Deferred Action for Childhood Arrivals (DACA) recipients, their families, and their communities are waiting for the U.S. Supreme Court to announce its decision regarding whether the Trump administration’s termination of DACA was lawful. Since 2012, more than 825,000 people—who on average came to the United States in 1999 at the age of 7—have been protected from deportation and able to work under DACA. These individuals grew up and built their lives in the United States, able to pursue higher education, launch careers, and start families under the protections afforded by DACA. And now, with more than 200,000 DACA recipients working alongside their neighbors in essential roles to keep their communities safe amid the COVID-19 pandemic, the stakes could not be higher.
As the Center for American Progress has detailed, the nearly 650,000 current DACA recipients in the United States today are deeply rooted community members whose fiscal and economic contributions are felt broadly. Across the country, 1.5 million individuals live in households with DACA recipients, including their quarter-million U.S.-born children. Each year, DACA recipients pay $566.9 million in mortgage payments and $2.3 billion in rental payments, and their households pay $5.6 billion in federal taxes and $3.1 billion in state and local taxes.
This column presents even more detailed data, highlighting DACA recipients in cities and metropolitan areas across the United States.
Nationally, 84 metropolitan areas are home to at least 1,000 DACA recipients. Among their many roles, they are teachers and entrepreneurs, doctors and nurses. In each of these places across the country, thousands of DACA recipients have familial ties and make important fiscal and economic contributions that keep the nation running.
The United States is DACA recipients’ home
Most DACA recipients have lived in the United States for the majority of their lives. They have deep ties to the social fabric of the United States and to their communities, including their families. Take, for example, the 10 largest metropolitan areas for DACA recipients; in each of these places, more than 25,000 individuals live in a household with a DACA recipient. In Los Angeles, the largest metropolitan home for DACA recipients, 198,800 people, including 26,500 of their U.S.-born children, live with DACA recipients.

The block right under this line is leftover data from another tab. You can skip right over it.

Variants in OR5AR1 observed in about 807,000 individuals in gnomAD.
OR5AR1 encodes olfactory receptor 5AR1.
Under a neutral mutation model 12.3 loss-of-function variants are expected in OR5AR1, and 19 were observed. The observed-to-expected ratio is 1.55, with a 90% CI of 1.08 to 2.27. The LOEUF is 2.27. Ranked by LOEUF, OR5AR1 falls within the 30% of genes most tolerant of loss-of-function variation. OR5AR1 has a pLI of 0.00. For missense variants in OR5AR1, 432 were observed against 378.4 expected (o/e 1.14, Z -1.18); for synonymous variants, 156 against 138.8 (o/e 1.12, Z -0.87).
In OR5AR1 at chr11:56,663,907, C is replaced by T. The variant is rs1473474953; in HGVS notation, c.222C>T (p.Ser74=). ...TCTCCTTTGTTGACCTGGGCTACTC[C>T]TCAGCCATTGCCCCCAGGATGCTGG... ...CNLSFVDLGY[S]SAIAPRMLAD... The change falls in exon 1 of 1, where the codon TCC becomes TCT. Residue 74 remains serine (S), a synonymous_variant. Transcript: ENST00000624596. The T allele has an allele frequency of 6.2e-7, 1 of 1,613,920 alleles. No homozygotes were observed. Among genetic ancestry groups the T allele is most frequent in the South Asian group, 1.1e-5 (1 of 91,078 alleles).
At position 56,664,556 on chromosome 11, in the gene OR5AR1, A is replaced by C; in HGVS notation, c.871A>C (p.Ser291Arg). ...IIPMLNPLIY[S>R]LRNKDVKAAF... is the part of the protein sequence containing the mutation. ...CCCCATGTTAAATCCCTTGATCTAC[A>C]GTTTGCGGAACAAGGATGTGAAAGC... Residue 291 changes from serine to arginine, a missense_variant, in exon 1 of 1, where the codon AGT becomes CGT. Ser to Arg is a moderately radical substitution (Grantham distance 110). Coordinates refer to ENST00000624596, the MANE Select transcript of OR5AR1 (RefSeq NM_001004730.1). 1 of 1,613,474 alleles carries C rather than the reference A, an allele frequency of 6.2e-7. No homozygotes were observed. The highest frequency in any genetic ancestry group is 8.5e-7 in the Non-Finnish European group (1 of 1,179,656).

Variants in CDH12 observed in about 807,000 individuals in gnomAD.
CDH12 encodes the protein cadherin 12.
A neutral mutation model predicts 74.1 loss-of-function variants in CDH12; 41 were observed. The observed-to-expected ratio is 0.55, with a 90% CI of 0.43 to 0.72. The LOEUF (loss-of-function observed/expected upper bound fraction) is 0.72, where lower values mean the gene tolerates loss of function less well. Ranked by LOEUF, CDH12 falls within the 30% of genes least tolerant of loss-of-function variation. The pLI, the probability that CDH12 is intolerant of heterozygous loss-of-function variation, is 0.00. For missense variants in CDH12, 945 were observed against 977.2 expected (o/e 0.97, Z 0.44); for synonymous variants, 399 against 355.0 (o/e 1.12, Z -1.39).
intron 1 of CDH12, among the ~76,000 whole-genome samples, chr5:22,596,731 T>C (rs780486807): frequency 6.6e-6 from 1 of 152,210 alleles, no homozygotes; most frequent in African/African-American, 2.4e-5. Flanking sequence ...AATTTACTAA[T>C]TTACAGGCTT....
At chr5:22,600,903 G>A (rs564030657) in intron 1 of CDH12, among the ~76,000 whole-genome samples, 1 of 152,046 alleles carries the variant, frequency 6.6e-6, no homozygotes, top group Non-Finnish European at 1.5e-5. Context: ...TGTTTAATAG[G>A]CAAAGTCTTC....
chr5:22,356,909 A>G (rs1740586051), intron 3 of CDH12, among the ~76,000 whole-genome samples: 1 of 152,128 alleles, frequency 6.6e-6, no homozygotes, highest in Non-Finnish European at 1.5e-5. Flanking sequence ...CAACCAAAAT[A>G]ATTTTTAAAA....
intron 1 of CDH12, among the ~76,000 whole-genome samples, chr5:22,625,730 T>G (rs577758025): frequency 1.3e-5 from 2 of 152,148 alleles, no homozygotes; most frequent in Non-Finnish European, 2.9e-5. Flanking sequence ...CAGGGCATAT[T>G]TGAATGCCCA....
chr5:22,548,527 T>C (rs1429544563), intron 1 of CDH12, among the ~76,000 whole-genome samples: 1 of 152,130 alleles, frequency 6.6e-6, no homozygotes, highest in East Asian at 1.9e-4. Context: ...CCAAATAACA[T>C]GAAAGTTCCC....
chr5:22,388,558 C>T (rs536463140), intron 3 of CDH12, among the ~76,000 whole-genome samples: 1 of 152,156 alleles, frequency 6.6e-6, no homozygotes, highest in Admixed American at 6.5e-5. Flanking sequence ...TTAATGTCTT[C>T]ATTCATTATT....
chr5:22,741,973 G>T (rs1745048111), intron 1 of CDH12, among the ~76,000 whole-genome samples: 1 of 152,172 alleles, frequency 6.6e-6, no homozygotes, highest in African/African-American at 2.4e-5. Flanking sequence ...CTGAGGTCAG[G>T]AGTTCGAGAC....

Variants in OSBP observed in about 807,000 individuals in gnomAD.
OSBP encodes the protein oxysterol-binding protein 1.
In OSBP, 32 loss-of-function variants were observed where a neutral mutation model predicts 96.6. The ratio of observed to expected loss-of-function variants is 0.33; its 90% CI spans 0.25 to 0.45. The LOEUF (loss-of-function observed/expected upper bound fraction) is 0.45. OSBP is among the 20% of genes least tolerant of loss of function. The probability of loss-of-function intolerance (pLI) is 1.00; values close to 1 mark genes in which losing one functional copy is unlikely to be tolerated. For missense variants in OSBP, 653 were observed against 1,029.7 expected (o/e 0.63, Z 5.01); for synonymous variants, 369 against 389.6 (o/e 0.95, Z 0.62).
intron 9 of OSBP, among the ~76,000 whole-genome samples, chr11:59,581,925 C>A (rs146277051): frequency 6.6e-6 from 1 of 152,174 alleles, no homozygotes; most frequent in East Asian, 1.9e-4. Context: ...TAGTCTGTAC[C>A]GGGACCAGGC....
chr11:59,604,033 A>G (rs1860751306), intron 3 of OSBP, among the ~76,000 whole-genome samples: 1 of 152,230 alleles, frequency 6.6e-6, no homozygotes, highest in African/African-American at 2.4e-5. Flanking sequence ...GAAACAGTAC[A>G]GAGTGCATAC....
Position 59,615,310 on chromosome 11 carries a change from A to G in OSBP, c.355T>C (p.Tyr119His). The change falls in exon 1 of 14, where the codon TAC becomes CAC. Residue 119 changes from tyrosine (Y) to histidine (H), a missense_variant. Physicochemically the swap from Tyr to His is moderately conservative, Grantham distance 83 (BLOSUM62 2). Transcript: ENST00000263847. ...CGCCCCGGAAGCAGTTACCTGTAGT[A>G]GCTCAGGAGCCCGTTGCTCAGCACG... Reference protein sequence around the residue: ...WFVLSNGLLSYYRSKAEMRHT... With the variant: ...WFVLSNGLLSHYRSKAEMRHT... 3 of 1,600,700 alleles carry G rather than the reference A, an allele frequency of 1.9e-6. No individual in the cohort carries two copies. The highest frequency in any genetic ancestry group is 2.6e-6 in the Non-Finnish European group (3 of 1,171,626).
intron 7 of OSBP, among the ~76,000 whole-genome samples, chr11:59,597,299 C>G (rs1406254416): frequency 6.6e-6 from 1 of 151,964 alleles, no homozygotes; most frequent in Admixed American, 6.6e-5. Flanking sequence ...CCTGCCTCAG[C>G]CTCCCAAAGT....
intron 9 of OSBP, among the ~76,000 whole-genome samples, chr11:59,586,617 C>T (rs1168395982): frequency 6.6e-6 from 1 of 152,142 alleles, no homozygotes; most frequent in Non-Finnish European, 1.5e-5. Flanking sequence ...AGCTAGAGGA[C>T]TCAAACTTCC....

DACA-recipient households pay taxes and housing payments that support national, state, and local economies
In addition to their roots in their communities, DACA recipients make important economic and fiscal contributions to their communities in the form of tax revenue. DACA recipients and their households pay tens of millions of dollars in taxes to the federal government each year. They also pay state and local taxes: DACA recipients and their households pay at least $2.5 million in state and local taxes each year in 79 metropolitan areas. In 19 metropolitan areas, that tax revenue is more than $25 million.
In a dozen metropolitan areas, DACA recipients pay more than a combined $50 million in rental payments annually in each of those metro areas. They own at least 1,000 homes in 10 metropolitan areas, contributing millions of dollars in annual mortgage payments.
A Supreme Court ruling that allows the Trump administration to terminate DACA would throw the futures of hundreds of thousands of DACA recipients into question. But the impact would extend beyond these young people, also throwing into jeopardy their families and the communities who rely upon their fiscal and economic contributions. For these reasons, it is all the more imperative that DACA recipients remain protected.
Nicole Prchal Svajlenka is the associate director for research on the Immigration Policy team at the Center for American Progress.
The data in this column are based on CAP analysis of three years of pooled American Community Survey (ACS) microdata: the 2016 1-year, 2017 1-year, and 2018 1-year ACS, accessed via the University of Minnesota’s IPUMS USA. This column also contains data on the number of DACA recipients filed as evidence in Regents of the University of California, et al. v. U.S. Department of Homeland Security, et al.; the data show 643,430 active DACA recipients as of March 31, 2020, and are on file with the author. Some of the numbers presented here are lower than in previous iterations of this analysis, which can likely be attributed to the quarterly decline in the number of active DACA recipients.
More information on the economic contribution calculations can be found in an earlier iteration of this analysis: “What We Know About DACA Recipients, by Metropolitan Area” by Nicole Prchal Svajlenka.
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